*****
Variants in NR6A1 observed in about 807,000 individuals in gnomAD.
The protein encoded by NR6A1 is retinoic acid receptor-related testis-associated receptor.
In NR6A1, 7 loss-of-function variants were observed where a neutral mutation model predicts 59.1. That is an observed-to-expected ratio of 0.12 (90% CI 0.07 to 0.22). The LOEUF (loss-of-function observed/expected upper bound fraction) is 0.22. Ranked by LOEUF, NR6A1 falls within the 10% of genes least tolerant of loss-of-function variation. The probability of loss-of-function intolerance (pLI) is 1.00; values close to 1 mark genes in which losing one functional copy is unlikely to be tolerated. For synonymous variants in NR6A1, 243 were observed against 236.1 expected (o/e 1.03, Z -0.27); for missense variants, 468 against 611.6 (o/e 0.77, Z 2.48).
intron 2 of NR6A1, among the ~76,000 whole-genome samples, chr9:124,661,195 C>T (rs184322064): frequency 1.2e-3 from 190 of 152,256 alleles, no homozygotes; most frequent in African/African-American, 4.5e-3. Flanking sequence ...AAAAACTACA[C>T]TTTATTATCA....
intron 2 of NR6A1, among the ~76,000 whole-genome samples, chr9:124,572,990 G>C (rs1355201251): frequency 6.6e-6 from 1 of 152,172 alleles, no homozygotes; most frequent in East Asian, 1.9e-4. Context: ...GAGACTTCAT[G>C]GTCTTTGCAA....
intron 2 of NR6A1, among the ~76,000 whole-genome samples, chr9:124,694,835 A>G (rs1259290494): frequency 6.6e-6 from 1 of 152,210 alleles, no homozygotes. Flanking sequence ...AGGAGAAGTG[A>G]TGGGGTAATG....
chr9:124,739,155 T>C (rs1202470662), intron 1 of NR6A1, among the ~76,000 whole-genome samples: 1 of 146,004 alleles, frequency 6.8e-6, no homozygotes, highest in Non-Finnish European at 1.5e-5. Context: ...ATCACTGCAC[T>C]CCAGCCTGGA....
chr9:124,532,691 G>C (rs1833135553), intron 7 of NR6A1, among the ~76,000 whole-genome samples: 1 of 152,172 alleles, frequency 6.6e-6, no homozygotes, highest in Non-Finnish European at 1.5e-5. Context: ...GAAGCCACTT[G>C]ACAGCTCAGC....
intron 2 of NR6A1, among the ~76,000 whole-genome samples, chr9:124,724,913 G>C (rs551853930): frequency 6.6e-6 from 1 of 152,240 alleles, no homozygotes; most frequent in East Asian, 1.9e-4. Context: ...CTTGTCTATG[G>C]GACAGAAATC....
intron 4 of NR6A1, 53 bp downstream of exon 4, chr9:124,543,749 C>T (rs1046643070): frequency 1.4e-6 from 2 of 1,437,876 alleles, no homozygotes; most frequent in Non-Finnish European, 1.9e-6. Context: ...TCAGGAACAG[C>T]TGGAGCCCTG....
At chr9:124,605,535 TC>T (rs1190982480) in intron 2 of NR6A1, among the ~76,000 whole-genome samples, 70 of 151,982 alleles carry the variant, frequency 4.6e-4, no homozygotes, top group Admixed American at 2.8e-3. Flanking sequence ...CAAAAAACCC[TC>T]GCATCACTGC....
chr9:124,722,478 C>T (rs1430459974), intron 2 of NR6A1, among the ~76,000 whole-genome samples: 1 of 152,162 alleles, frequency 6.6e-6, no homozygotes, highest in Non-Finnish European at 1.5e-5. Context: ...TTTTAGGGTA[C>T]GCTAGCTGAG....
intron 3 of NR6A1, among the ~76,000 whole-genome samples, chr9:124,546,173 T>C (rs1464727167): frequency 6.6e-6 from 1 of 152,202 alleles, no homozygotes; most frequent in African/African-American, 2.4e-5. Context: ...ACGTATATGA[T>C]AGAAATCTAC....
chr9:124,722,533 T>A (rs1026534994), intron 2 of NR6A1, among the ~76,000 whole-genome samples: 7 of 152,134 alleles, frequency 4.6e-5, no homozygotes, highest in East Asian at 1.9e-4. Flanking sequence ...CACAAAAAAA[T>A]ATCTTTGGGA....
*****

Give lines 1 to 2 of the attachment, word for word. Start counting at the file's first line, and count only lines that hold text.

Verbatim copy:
Variants in NR6A1 observed in about 807,000 individuals in gnomAD.
The protein encoded by NR6A1 is retinoic acid receptor-related testis-associated receptor.